EarthGen (Formerly Washington Green Schools)
EarthGen engages hundreds of teachers annually through engaging, hands-on trainings, wherein NGSS instruction is anchored in local climate phenomena that model effective classroom pedagogies, which lead to deep learning and relevant understanding. Through these trainings, teachers explore the relationship between climate science and a local environmental topic (e.g., fires, coastal hazards, agriculture, human health), engaging in science and engineering practices (e.g., argumentation with evidence, asking questions and defining problems) and planing an integration of a learned activity or resource with their students.
Teacher Professional Development
In partnership with ESD 112, EarthGen created STEM Seminars, a “best practice” in professional development, where teachers are challenged to engage in adult learning around climate change locally. A “hook” is used to kick off the day and anchor learning around a local environmental issue. The training balances content around how we know the climate is changing with Ambitious Science Teaching strategies. At each seminar, teachers analyze current and vetted data with climate scientists who have first-hand experience conducting research in Antarctica and Greenland. As a complement to this elevated educational experience, a local speaker specializing in the topic at hand speaks to the regional perspective of the climate challenge being addressed and discuss approaches to mitigate and adapt to climate change locally. Structured planning time is also embedded into the day to allow for application of what has been learned into the classroom. In its inaugural year, EarthGen served 370 teachers through STEM Seminars.
Migrant Education Summer Program
Working with school districts with high migrant student populations and low-income rates, EarthGen created a new summer experience for the Migrant Education Program in Grandview, Prosser, and Kiona-Benton school districts. The program included leveraging lessons from Zombie Guacamole, a 5th grade curriculum about decomposition, ecosystems, and waste, while introducing a digital storytelling component that captured and shared student voices. Field experiences to the local landfill and arboretum also helped create a rich and highly relevant summer school experience for nearly 100 migrant youth.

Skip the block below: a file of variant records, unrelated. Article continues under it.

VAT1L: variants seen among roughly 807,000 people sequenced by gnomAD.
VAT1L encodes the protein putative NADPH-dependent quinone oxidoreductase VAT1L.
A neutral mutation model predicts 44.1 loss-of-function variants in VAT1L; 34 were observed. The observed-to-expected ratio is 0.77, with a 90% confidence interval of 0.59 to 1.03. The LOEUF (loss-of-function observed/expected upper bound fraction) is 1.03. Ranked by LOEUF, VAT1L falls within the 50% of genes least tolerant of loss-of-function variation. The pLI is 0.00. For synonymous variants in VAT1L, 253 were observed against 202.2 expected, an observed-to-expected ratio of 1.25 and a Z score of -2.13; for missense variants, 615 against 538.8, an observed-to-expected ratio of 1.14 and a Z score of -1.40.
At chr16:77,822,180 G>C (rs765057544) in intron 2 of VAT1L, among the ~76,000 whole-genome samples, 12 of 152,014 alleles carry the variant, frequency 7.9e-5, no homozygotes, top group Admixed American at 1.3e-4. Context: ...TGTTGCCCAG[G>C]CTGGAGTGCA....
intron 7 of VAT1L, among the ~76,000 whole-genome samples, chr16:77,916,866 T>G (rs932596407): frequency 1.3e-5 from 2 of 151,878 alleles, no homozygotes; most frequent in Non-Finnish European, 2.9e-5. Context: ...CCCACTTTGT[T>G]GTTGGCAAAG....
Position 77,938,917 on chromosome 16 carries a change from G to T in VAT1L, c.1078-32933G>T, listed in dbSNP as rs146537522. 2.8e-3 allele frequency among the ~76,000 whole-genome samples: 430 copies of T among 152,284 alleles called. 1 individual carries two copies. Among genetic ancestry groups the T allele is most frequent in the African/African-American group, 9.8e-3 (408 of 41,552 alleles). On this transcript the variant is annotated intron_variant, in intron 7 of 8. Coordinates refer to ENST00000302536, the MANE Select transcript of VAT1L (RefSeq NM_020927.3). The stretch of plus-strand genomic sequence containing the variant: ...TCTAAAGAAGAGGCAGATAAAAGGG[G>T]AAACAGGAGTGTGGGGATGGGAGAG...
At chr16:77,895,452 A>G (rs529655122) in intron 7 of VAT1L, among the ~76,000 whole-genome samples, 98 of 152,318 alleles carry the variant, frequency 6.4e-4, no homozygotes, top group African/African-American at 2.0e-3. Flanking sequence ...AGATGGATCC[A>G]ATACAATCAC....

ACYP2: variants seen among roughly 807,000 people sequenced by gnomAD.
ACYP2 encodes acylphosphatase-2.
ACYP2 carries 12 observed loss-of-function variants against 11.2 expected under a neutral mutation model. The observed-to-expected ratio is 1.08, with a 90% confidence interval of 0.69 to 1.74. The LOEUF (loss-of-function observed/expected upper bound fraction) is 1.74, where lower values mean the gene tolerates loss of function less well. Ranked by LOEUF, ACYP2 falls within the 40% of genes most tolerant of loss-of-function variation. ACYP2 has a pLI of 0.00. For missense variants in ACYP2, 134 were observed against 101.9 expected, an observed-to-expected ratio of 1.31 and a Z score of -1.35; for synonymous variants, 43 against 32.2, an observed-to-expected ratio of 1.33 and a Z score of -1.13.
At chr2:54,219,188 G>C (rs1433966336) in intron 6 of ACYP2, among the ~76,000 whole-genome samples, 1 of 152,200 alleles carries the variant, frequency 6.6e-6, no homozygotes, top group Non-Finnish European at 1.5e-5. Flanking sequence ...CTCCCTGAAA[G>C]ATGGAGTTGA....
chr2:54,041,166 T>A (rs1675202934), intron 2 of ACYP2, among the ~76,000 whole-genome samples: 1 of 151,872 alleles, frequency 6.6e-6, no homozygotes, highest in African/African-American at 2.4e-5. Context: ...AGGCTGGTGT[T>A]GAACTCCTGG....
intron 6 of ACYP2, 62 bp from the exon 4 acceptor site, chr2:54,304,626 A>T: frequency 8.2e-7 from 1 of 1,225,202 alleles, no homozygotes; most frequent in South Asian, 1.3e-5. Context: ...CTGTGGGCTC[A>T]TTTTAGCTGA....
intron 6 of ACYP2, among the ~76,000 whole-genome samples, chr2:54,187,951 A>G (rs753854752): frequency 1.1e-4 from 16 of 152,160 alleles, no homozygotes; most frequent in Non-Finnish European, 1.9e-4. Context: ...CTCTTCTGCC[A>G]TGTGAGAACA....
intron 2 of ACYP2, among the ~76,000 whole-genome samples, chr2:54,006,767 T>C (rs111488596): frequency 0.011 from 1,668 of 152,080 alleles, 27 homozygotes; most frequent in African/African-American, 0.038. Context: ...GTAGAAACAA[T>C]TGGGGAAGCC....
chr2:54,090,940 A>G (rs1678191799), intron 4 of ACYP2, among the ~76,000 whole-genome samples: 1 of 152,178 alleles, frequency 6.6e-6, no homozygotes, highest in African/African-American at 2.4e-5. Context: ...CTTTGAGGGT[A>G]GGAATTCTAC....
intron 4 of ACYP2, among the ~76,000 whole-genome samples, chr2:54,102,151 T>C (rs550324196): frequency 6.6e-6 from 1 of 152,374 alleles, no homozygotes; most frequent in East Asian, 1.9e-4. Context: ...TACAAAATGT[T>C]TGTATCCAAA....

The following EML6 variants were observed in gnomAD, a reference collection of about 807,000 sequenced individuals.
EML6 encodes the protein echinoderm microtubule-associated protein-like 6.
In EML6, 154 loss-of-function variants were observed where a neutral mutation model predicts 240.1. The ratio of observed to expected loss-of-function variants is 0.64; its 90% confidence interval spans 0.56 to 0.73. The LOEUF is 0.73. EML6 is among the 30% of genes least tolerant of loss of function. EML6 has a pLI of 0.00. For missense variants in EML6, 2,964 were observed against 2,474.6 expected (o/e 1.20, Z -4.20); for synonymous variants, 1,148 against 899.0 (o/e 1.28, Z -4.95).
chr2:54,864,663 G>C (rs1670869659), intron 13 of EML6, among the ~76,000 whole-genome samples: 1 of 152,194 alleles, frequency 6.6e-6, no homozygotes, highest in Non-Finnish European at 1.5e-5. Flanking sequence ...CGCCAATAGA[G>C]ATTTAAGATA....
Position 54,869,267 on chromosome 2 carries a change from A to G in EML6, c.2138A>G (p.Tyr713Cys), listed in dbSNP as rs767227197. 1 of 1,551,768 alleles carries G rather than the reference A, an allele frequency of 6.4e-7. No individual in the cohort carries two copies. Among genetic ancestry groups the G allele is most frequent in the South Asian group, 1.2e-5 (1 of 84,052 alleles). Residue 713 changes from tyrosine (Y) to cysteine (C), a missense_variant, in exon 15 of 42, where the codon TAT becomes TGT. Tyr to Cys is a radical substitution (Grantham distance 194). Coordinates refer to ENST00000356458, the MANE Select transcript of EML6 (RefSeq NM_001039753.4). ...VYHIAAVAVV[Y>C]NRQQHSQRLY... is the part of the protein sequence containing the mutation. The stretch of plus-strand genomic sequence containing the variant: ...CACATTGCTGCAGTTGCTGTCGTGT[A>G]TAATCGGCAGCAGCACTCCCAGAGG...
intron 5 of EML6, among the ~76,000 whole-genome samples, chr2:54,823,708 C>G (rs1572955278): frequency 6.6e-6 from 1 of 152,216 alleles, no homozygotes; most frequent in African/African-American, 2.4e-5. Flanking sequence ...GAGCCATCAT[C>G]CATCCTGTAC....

With connections to our food choices and their effects on climate change, EarthGen is working to create professional development opportunities for primary school teachers using Zombie Guacamole, a NGSS-driven curriculum for 5th grade. Connecting these lessons to school grounds and gardens and food waste behaviors, these full-day and multi-day experiences will connect what teachers learn in these trainings to their classrooms…and out onto the school campus where they and their students can take action to promote environmental sustainability.
Partners & Collaborators
UW Climate Impacts Group
Puget Sound Clean Air Agency
Southwest Clean Air Agency
Seattle Public Utilities
Pacific Northwest National Laboratory
Cowlitz County Public Works
WSU Puyallup Research and Extension Center
Washington Department of Fish and Wildlife
This was seriously the best PD I have attended since I started teaching 14 years ago! Relevant, useful, and great resources!
I felt that this training gave me real-life connections to bringing climate change instruction into the classroom.
Success Stories from EarthGen (formerly Washington Green Schools)
The Washington state program ClimeTime, which is facilitated by the state’s nine Education Service Districts (ESDs) and community partners, was recently cited as a popular and effective model for educator education in climate science. The Journal of Science Policy and...
Professional learning forms community and educators made connections in more ways than one at the recent Washington Green Schools’ STEM Seminar: Agriculture and Climate Change, which was held over three afternoon sessions in October and November. Twenty-six educators...
EarthGen (formerly Washington Green Schools) STEM Seminars provide hands-on, place-based professional development that equips teachers to engage their students in climate science learning.